|Temporal evolution of decaying summer first-year sea ice in the Western Weddell Sea, Antarctica|Tison, J.L.; Worby, A.; Delille, B.; Brabant, F.; Papadimitriou, S.; Thomas, D.; de Jong, J.; Lannuzel, D.; Haas, C. (2008). Temporal evolution of decaying summer first-year sea ice in the Western Weddell Sea, Antarctica. Deep-Sea Res., Part 2, Top. Stud. Oceanogr. 55(8-9): 975-987. dx.doi.org/10.1016/j.dsr2.2007.12.021
In: Deep-Sea Research, Part II. Topical Studies in Oceanography. Pergamon: Oxford. ISSN 0967-0645; e-ISSN 1879-0100, meer
Antarctic; sea ice; Weddell Sea; summer decay; brine network; temporal
|Auteurs|| || Top |
- Tison, J.L.
- Worby, A.
- Delille, B.
- Brabant, F.
- Papadimitriou, S.
- Thomas, D.
- de Jong, J.
- Lannuzel, D.
- Haas, C.
The evolution of the main physico-chemical properties of the unflooded 90-cm-thick first-year sea-ice cover at the Ice Station POLarstern (ISPOL) "clean site" is described. ISPOL was an international experiment of the German research icebreaker R.V. Polarstern. The vessel was anchored to an ice floe for an observation period of 5 weeks, during the early summer melt onset in the Western Weddell Sea. The "clean site" was specially designed and accessed so as to prevent any trace metal contamination of the sampling area. Observations were made at 5-day intervals during December 2004 in the central part of the main floe. Results show the succession of two contrasting phases in the behavior of the brine network (brine channels, pockets, and tubes). Initially, brine salinity was higher than that of sea-water, leading to brine migration and a decrease in the mean bulk salinity of the ice cover. This process is highly favored by the already high bulk porosity (14%), which ensures full connectivity of the brine network. Gravity drainage rather than convection seems to be the dominant brine transfer process.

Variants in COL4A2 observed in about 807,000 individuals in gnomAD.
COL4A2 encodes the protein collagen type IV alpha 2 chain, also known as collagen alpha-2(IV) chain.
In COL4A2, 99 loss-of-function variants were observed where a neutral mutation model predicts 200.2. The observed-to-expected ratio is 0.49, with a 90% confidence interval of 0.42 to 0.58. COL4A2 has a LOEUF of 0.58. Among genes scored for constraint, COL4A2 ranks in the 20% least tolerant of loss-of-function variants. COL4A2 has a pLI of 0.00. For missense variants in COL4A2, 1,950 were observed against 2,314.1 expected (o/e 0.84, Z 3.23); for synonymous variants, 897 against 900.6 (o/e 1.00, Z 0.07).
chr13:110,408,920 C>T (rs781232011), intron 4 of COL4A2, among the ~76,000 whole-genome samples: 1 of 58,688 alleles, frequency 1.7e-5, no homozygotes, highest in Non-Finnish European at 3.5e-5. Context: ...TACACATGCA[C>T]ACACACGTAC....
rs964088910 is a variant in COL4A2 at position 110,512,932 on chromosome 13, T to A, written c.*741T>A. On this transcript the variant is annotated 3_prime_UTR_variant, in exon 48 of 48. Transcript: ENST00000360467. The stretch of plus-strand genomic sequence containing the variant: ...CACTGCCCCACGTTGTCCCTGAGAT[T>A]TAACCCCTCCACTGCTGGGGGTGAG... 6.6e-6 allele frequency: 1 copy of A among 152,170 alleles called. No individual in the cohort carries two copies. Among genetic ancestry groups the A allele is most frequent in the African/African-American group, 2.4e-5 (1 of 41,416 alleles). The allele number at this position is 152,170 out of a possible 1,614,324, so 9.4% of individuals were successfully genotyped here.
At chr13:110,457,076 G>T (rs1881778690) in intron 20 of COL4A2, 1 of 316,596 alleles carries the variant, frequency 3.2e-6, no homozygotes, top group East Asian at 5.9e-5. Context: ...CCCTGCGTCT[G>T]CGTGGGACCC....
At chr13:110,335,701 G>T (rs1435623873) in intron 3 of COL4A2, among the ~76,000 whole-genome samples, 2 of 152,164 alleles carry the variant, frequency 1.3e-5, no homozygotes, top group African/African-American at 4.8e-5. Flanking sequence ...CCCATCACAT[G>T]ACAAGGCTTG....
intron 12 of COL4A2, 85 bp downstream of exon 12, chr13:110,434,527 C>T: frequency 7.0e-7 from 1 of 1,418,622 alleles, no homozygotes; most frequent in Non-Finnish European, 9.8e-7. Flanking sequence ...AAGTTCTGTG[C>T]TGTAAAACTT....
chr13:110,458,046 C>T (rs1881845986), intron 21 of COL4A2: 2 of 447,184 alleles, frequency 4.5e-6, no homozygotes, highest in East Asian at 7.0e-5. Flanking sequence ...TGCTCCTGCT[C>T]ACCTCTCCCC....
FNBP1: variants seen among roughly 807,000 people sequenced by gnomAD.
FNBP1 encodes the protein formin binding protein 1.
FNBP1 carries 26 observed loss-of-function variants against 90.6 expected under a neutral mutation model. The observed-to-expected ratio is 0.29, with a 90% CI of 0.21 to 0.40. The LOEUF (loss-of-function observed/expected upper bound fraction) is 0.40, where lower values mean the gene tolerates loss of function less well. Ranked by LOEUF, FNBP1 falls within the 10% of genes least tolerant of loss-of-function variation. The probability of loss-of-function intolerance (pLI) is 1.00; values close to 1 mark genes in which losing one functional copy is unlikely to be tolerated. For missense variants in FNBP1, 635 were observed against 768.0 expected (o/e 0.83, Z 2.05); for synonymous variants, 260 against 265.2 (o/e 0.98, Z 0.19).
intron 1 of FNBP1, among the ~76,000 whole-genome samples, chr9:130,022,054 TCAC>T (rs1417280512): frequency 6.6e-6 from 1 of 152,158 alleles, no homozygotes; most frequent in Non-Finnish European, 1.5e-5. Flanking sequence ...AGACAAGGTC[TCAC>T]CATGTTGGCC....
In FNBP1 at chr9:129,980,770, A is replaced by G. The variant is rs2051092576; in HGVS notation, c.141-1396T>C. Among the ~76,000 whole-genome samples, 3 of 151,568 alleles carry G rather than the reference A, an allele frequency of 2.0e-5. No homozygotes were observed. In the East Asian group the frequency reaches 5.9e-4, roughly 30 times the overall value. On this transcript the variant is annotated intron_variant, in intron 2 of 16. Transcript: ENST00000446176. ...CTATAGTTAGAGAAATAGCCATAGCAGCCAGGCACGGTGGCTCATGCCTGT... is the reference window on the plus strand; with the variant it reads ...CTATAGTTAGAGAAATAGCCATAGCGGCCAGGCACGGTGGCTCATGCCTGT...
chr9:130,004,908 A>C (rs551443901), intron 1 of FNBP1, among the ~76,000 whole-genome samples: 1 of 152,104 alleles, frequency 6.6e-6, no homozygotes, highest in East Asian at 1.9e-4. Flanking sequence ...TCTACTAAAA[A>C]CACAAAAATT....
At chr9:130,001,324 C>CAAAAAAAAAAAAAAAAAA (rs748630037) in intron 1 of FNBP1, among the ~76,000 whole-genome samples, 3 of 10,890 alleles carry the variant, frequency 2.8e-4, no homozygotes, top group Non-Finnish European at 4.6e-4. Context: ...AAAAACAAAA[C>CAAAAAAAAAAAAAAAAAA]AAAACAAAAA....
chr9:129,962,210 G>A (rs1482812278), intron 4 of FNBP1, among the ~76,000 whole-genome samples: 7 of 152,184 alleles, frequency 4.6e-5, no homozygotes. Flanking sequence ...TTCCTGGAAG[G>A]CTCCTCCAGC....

Half-way through the observation period, the brine salinity became lower than that of the sea-water throughout the ice column. The brine network therefore switched to a "stratified" regime in which exchange with sea-water was limited to molecular diffusion, strongly stabilizing the bulk mean sea-ice salinity. During the transition between the two regimes, and in areas closer to ridges, slush water (resulting from a mixture of snow meltwater and sea water accumulated at the snow-ice interface) penetrated through the growing "honeycomb-like structure" and replaced the downward draining brines. This resulted in a slight local replenishment of nutrients (as indicated by dissolved silicic acid). However, as a whole, the described decaying regime in this globally unflooded location with limited snow cover should be unfavorable to the development of healthy and active surface and internal microbial communities.
The switch from gravity to diffusion controlled transport mechanisms within the ice column also should affect the efficiency of gas exchange across the sea-ice cover. The observed late build-up of a continuous, impermeable, superimposed ice layer should further significantly hamper gas exchange.
Statistical estimates of the evolution of the ice thickness during the observation period and salinity trends of the under-ice water salinity down to 30m corroborate model predictions of a moderate bottom melting (5-10cm) from ocean heat fluxes.